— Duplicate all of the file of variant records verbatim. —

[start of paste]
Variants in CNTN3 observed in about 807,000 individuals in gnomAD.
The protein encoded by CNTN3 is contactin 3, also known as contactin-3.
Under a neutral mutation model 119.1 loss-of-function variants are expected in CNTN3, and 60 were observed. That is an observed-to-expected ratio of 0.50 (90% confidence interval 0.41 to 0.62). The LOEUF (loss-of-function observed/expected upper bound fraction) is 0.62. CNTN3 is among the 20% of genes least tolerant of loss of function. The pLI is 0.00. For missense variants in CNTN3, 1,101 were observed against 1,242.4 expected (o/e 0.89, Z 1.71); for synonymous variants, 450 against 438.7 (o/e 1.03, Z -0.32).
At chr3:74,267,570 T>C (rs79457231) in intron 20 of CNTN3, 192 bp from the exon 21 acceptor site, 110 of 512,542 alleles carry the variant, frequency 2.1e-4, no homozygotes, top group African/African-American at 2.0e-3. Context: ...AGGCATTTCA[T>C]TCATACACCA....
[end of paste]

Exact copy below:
Variants in CNTN3 observed in about 807,000 individuals in gnomAD.
The protein encoded by CNTN3 is contactin 3, also known as contactin-3.
Under a neutral mutation model 119.1 loss-of-function variants are expected in CNTN3, and 60 were observed. That is an observed-to-expected ratio of 0.50 (90% confidence interval 0.41 to 0.62). The LOEUF (loss-of-function observed/expected upper bound fraction) is 0.62. CNTN3 is among the 20% of genes least tolerant of loss of function. The pLI is 0.00. For missense variants in CNTN3, 1,101 were observed against 1,242.4 expected (o/e 0.89, Z 1.71); for synonymous variants, 450 against 438.7 (o/e 1.03, Z -0.32).
At chr3:74,267,570 T>C (rs79457231) in intron 20 of CNTN3, 192 bp from the exon 21 acceptor site, 110 of 512,542 alleles carry the variant, frequency 2.1e-4, no homozygotes, top group African/African-American at 2.0e-3. Context: ...AGGCATTTCA[T>C]TCATACACCA....